It was the weirdest sensation ever, one I can’t even explain. I was so mad, frustrated, just in my head screaming, ‘No no no, this is not it, no. I can’t be gone.’ I was so pissed and beyond frustrated. Life was just starting for me again. It felt a healthy life. I should say then, all of a sudden, it happened. I felt it—the pain, the suffering, the feeling of not breathing passed. I got calm, relaxed, warm. I knew I had passed, then someone spoke to me. A man’s voice, I believe I knew who it was. I was raised Rasta, and right away I new it was H.I.M. And in the calmest voice, he said, ‘Would you like to come with me? You’ll be pain free, no judgements will come, and you’ll be happy and able to breathe again.’ And still, after passing, I was just mad. As good as that feeling felt, I told H.I.M I had to go back. I had to return and see my family, my dogs.
It’s not my time, I can’t accept this. And he said, ‘I can give you the choice of coming with me, where you’ll be free of suffering, or I can let you go back, but it will be the hardest thing of your life.’ And immediately, no hesitation, I said, ‘I have to go back.’ Then my eyes opened in the hospital. I was in this state for probably only a couple of minutes, but it felt like days. I opened my eyes and saw a clock saying it was 1:30 a.m. I couldn’t move my body at this point, I was still confused, my body still shut down. I remember doctors coming in and out, looking and seeing blood transfusions going in. Finally, my dad showed up. I guess the police were holding him, making sure he wasn’t a suspect. Which was ridiculous. I had flat-lined multiple times. They said I couldn’t so much as move a finger or talk. I was stuttering so badly.
I do remember before my dad came in, a cop harassed me right after waking, asking if I was a gang member. I was just like, ‘OMG, no! I fought my whole life trying to stay alive. I take care of my grandma, myself, my dogs, and I hoop. Gang member, what!?’ along with some other dumb questions while I was still fighting for my life. But then my dad was there. Doctors were talking instant surgery, but said if they mess up I might be a quadriplegic, so at this point I knew my spinal cord had been hit. Finally, the head doctor came in and said no surgery, it was too dangerous, and they wanted to see how much movement I would get back. I spent about a week in the ICU where I stuttered when I’d talk to family or friends. It lasted for about a week, then I was able to move my right hand. Then a week later, my left.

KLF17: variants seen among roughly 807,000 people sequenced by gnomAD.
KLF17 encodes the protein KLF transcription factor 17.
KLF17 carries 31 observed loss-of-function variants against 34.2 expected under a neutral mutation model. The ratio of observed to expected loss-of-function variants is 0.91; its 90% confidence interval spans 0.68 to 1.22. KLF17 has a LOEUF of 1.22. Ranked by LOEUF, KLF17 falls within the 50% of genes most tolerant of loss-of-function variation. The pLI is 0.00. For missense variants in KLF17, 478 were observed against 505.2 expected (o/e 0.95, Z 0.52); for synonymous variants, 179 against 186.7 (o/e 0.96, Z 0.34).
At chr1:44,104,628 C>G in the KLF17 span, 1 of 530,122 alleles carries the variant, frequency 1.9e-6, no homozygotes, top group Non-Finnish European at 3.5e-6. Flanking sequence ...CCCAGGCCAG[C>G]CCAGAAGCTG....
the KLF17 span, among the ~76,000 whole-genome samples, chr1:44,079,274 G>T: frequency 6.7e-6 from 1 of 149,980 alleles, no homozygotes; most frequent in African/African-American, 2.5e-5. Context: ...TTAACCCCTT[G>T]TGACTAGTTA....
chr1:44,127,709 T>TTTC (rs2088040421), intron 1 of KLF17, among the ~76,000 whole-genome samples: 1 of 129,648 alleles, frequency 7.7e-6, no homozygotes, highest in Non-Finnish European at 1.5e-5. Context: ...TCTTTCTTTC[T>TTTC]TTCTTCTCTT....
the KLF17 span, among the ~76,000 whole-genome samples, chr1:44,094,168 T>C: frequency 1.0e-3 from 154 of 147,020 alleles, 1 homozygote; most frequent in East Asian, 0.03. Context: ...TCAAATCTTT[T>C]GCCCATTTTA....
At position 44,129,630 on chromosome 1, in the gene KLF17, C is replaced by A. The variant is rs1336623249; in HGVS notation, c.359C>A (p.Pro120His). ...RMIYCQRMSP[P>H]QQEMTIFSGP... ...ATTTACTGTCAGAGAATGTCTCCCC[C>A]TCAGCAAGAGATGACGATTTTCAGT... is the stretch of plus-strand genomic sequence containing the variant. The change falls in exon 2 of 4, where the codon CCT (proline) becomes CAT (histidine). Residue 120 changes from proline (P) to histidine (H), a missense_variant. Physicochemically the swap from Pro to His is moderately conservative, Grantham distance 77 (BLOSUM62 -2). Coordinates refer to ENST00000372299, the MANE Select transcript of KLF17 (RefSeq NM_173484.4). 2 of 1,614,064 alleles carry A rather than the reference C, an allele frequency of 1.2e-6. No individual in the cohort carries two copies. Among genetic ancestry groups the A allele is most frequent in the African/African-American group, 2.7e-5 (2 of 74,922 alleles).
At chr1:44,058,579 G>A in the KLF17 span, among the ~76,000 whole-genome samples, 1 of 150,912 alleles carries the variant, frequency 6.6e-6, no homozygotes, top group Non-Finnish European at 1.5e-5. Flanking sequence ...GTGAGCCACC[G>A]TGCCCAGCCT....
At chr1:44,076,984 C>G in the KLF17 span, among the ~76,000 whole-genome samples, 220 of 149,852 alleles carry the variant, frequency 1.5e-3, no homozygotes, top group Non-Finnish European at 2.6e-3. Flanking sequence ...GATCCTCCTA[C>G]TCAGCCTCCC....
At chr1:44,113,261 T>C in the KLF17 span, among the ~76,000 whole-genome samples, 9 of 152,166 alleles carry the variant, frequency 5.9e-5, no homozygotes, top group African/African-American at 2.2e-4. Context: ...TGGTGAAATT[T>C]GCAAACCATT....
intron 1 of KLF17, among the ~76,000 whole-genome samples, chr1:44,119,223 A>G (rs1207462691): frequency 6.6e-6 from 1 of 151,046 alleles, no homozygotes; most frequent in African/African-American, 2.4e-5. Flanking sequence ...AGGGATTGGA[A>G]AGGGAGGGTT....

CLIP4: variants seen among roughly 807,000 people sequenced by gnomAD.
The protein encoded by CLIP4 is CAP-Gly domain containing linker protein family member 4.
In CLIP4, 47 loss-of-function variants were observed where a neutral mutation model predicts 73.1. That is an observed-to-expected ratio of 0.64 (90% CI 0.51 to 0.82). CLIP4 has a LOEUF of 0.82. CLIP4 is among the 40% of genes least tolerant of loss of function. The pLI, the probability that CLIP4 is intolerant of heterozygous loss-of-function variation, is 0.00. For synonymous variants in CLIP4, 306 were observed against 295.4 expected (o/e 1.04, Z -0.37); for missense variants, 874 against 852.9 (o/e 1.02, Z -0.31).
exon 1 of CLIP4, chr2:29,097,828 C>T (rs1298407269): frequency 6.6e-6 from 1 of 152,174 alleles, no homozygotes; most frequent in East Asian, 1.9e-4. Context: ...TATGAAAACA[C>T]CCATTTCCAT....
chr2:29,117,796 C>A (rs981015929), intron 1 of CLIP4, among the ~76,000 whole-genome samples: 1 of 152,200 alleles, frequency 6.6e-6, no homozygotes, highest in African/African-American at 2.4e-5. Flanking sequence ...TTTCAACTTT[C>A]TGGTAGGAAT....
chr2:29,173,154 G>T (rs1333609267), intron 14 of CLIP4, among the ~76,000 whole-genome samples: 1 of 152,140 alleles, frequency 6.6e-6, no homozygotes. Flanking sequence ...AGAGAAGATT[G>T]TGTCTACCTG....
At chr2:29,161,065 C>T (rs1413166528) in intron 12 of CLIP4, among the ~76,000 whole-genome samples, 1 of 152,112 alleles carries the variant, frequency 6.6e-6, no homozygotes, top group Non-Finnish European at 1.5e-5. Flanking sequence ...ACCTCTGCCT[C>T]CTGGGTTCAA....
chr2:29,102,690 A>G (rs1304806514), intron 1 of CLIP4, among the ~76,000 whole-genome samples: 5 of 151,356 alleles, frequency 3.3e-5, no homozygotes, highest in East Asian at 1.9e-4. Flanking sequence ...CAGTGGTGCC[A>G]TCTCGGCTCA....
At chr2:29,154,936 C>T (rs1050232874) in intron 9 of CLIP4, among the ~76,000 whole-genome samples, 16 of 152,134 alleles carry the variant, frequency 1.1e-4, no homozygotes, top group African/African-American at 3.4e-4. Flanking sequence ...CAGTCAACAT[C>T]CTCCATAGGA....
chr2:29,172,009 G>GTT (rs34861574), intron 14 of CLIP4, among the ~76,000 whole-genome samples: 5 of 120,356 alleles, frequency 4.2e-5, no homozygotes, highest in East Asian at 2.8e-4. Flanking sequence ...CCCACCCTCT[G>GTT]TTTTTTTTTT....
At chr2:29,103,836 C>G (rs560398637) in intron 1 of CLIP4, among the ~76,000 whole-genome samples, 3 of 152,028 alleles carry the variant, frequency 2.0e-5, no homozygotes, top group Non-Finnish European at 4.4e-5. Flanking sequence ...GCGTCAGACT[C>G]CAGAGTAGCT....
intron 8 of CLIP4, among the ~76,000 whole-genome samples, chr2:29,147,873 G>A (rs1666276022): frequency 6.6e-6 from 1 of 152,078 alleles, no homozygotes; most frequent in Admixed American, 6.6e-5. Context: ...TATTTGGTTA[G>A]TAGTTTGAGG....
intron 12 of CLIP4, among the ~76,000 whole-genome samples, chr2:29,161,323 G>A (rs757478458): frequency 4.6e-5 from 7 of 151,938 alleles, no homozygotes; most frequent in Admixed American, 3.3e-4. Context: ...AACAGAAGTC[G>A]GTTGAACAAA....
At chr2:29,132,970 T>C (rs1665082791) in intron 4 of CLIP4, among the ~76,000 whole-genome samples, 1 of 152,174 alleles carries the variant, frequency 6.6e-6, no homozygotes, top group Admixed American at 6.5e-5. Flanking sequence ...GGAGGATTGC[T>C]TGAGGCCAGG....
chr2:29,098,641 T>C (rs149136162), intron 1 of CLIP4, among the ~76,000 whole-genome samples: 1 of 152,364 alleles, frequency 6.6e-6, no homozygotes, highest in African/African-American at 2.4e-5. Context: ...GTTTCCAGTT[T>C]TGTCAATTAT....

Soon both arms were moving, but not my left because the angle I was at when I was hit. The bullet went through my shoulder, fractured it pretty badly, hit my ribs, collapsed my left lung, and clipped my T-2 (or the impact broke my T-2), so it left me paralyzed from the chest down. I spent two months there doing rehab. It was the most depressing time of my life. I was just running, playing basketball, and now I’m relearning to walk, to move, with no function in most my body. I was devastated. Words can’t describe how broken my heart was, but at the same time I was thankful. Still cracking jokes with my friends and dad. We had a party in the hospital room every night, but the depression would kick in when I was alone.
Now home, I’m doing tons of rehab. I believe I’ll still walk, I have faith, despite what doctors have said. I do four to six hours of rehab daily, pushing through the pain, crying on exercises and movements. All this while still balancing cystic fibrosis. I will continue to fight for as long as I breathe, and apparently even when I’m not. I absolutely love life, my friends, my family, this earth. I am a firm believer heaven is a place on earth, and I want to be here as long as I can.”
This story was submitted to Love What Matters by Sebastian Sharpe. You can follow his journey on Instagram. Submit your own story here, and be sure to subscribe to our free email newsletter for our best stories, and YouTube for our best videos.